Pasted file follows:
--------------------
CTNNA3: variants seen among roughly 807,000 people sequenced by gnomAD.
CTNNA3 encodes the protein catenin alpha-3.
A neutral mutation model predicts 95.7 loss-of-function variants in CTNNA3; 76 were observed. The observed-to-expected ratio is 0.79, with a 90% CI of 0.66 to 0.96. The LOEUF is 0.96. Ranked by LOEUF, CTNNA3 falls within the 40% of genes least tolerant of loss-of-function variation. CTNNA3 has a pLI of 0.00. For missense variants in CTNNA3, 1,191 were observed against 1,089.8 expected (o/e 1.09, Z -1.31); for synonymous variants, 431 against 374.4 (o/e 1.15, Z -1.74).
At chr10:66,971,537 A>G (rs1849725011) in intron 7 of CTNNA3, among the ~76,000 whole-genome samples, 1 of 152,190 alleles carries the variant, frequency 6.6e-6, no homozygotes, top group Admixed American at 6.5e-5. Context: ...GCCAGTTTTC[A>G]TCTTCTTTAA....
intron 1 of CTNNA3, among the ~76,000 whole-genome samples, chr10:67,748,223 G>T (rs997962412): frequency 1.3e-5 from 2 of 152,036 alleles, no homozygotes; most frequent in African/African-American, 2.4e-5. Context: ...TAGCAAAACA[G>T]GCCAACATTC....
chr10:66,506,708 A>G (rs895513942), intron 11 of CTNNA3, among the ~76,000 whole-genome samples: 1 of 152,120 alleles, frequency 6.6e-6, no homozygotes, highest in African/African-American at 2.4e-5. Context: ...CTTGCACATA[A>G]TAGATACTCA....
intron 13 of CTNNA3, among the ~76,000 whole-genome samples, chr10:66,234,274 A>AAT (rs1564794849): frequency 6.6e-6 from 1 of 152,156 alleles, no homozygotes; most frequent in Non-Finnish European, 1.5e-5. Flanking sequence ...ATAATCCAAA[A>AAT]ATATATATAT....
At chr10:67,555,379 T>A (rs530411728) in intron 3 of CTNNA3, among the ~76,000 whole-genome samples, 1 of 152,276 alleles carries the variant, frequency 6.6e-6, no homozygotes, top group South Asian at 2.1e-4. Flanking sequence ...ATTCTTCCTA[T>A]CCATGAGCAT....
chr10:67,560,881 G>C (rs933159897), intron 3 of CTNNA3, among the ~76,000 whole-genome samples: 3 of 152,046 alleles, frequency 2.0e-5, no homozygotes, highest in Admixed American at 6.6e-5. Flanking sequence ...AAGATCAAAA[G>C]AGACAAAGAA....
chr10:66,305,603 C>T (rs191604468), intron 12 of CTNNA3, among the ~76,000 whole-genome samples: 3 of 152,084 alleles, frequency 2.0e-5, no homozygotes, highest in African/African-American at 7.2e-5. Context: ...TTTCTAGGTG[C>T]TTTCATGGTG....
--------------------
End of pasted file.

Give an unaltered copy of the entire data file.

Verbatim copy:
CTNNA3: variants seen among roughly 807,000 people sequenced by gnomAD.
CTNNA3 encodes the protein catenin alpha-3.
A neutral mutation model predicts 95.7 loss-of-function variants in CTNNA3; 76 were observed. The observed-to-expected ratio is 0.79, with a 90% CI of 0.66 to 0.96. The LOEUF is 0.96. Ranked by LOEUF, CTNNA3 falls within the 40% of genes least tolerant of loss-of-function variation. CTNNA3 has a pLI of 0.00. For missense variants in CTNNA3, 1,191 were observed against 1,089.8 expected (o/e 1.09, Z -1.31); for synonymous variants, 431 against 374.4 (o/e 1.15, Z -1.74).
At chr10:66,971,537 A>G (rs1849725011) in intron 7 of CTNNA3, among the ~76,000 whole-genome samples, 1 of 152,190 alleles carries the variant, frequency 6.6e-6, no homozygotes, top group Admixed American at 6.5e-5. Context: ...GCCAGTTTTC[A>G]TCTTCTTTAA....
intron 1 of CTNNA3, among the ~76,000 whole-genome samples, chr10:67,748,223 G>T (rs997962412): frequency 1.3e-5 from 2 of 152,036 alleles, no homozygotes; most frequent in African/African-American, 2.4e-5. Context: ...TAGCAAAACA[G>T]GCCAACATTC....
chr10:66,506,708 A>G (rs895513942), intron 11 of CTNNA3, among the ~76,000 whole-genome samples: 1 of 152,120 alleles, frequency 6.6e-6, no homozygotes, highest in African/African-American at 2.4e-5. Context: ...CTTGCACATA[A>G]TAGATACTCA....
intron 13 of CTNNA3, among the ~76,000 whole-genome samples, chr10:66,234,274 A>AAT (rs1564794849): frequency 6.6e-6 from 1 of 152,156 alleles, no homozygotes; most frequent in Non-Finnish European, 1.5e-5. Flanking sequence ...ATAATCCAAA[A>AAT]ATATATATAT....
At chr10:67,555,379 T>A (rs530411728) in intron 3 of CTNNA3, among the ~76,000 whole-genome samples, 1 of 152,276 alleles carries the variant, frequency 6.6e-6, no homozygotes, top group South Asian at 2.1e-4. Flanking sequence ...ATTCTTCCTA[T>A]CCATGAGCAT....
chr10:67,560,881 G>C (rs933159897), intron 3 of CTNNA3, among the ~76,000 whole-genome samples: 3 of 152,046 alleles, frequency 2.0e-5, no homozygotes, highest in Admixed American at 6.6e-5. Flanking sequence ...AAGATCAAAA[G>C]AGACAAAGAA....
chr10:66,305,603 C>T (rs191604468), intron 12 of CTNNA3, among the ~76,000 whole-genome samples: 3 of 152,084 alleles, frequency 2.0e-5, no homozygotes, highest in African/African-American at 7.2e-5. Context: ...TTTCTAGGTG[C>T]TTTCATGGTG....